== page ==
DALLAS - April 26, 2012 - UT Southwestern Medical Center researchers have demonstrated for the first time that the heart can regulate energy balance throughout the body, a finding that may point to more effective treatments for obesity, diabetes, and heart disease.
Obesity, cardiovascular disease, and diabetes affect tens of millions of people in the U.S., according to the Centers for Disease Control and Prevention.
Using mice fed a high-fat diet, researchers found that manipulating a heart-specific genetic pathway prevents obesity and protects against harmful blood-sugar changes associated with type 2 diabetes. The scientists' findings appear in the April 27 issue of Cell.
"Obesity, diabetes, and coronary artery disease are major causes of human death and disability, and they are all connected to metabolism. This is the first demonstration that the heart can regulate systemic metabolism, which we think opens up a whole new area of investigation," said Dr. Eric Olson, chairman of molecular biology at UT Southwestern and senior author of the study. Lead author of the Cell paper is Dr. Chad Grueter, a postdoctoral researcher in molecular biology.
Their study used genetically altered mice and an experimental drug to manipulate levels of two regulatory molecules in the heart. The scientists found that MED13, a crucial part of a gene pathway in the heart, controls whole-body metabolism while miRNA-208a, a heart-specific microRNA, inhibits the action of MED13.
Mice with MED13 levels that were increased either genetically or by a drug were lean and showed an increase in energy expenditure, the researchers said. In contrast, mice genetically engineered to lack MED13 in the heart showed increased susceptibility to diet-induced obesity. These mice also had aberrant blood-sugar metabolism and other changes similar to those of a group of conditions called metabolic syndrome, which is linked to the development of coronary artery disease, stroke, and type 2 diabetes.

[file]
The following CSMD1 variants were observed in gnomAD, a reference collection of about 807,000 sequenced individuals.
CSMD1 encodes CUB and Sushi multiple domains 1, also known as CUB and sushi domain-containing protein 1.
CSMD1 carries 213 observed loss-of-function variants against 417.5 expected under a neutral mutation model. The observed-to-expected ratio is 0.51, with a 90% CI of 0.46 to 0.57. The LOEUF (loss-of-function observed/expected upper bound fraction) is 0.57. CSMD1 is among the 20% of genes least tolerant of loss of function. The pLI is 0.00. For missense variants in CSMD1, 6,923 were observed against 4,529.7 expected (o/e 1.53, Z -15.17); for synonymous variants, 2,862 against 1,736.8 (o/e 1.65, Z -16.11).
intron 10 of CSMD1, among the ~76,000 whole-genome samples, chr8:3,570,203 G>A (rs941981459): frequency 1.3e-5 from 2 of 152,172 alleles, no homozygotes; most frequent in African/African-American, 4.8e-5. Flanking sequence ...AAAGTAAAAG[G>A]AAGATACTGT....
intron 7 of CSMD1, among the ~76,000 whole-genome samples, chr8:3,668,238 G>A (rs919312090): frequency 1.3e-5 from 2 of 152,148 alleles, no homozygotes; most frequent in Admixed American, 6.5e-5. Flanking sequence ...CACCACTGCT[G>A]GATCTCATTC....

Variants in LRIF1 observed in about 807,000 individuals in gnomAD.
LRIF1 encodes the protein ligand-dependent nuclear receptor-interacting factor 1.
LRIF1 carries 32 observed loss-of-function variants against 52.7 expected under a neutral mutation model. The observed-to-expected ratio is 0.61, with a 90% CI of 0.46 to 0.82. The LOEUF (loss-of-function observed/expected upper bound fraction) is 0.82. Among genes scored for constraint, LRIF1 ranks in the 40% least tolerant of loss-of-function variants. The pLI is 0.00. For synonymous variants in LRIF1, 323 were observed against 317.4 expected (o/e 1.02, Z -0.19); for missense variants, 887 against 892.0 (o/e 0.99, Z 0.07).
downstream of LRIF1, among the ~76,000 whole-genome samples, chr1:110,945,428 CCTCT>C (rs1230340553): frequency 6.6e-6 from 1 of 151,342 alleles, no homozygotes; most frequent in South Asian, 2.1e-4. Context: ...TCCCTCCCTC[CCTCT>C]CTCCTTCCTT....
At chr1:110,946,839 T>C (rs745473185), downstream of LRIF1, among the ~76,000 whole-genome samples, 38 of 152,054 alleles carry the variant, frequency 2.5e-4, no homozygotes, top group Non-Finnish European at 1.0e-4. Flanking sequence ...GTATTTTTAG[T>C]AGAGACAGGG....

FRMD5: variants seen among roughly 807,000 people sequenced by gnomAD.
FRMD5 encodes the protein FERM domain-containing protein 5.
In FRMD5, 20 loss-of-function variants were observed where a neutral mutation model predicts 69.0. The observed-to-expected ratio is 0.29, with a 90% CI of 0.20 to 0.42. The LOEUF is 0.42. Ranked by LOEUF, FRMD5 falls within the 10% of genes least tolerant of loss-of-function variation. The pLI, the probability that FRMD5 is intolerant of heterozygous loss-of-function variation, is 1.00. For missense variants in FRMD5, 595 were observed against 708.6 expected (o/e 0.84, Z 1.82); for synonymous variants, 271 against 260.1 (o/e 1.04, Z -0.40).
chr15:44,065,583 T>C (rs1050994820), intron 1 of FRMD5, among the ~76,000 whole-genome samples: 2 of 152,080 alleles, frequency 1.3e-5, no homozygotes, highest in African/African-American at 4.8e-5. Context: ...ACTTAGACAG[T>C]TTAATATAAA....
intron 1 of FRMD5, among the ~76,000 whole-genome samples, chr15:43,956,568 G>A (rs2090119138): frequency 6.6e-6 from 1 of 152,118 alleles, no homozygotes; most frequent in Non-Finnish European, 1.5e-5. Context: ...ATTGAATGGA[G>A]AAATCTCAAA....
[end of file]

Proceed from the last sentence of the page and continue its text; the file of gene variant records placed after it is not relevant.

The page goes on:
MicroRNAs are small snippets of genetic material once considered of little interest because they do not code for the proteins used in body processes the way larger strands of genetic material do. In recent years, these molecules have emerged as key regulators of disease and stress responses in various tissues. At least 500 microRNAs have been identified.
"Several years ago, our lab focused on this heart-specific microRNA, miR-208a, and then worked with a biotechnology company to develop a drug to inhibit miR-208a. While studying the effects of that drug, we observed that animals treated with the inhibitor seemed to be resistant to high-fat diets but were otherwise healthy," Dr. Olson said. He is one of five co-founders of the biotechnology company, the Colorado-based miRagen Therapeutics Inc., in which UT Southwestern has an equity stake.
The current study builds on that original observation by identifying the role of miR-208a and its target MED13 in regulating systemic metabolism. How this heart-specific microRNA communicates with cells throughout the body will be the subject of future studies, Dr. Grueter said.
This work was supported, in part, by grants from the National Institutes of Health, the Donald W. Reynolds Center for Clinical Cardiovascular Research, the Robert A. Welch Foundation, the Fondation Leducq-Transatlantic of Excellence in Cardiovascular Research Program, and the American Heart Association-Jon Holden DeHaan Foundation. Dr. Grueter received fellowship support from the American Diabetes Association.
Other investigators involved were Brett A. Johnson, a doctoral candidate of molecular biology; Susan DeLeon, graduate student; Lillian Sutherland, senior research scientist; Xiaoxia Qi, research scientist; Dr. Laurent Gautron, instructor of internal medicine; Dr. Joel Elmquist, professor of internal medicine, psychiatry, and pharmacology; Dr. Rhonda Bassel-Duby, professor of molecular biology; and Dr. Eva van Rooij of miRagen Therapeutics.
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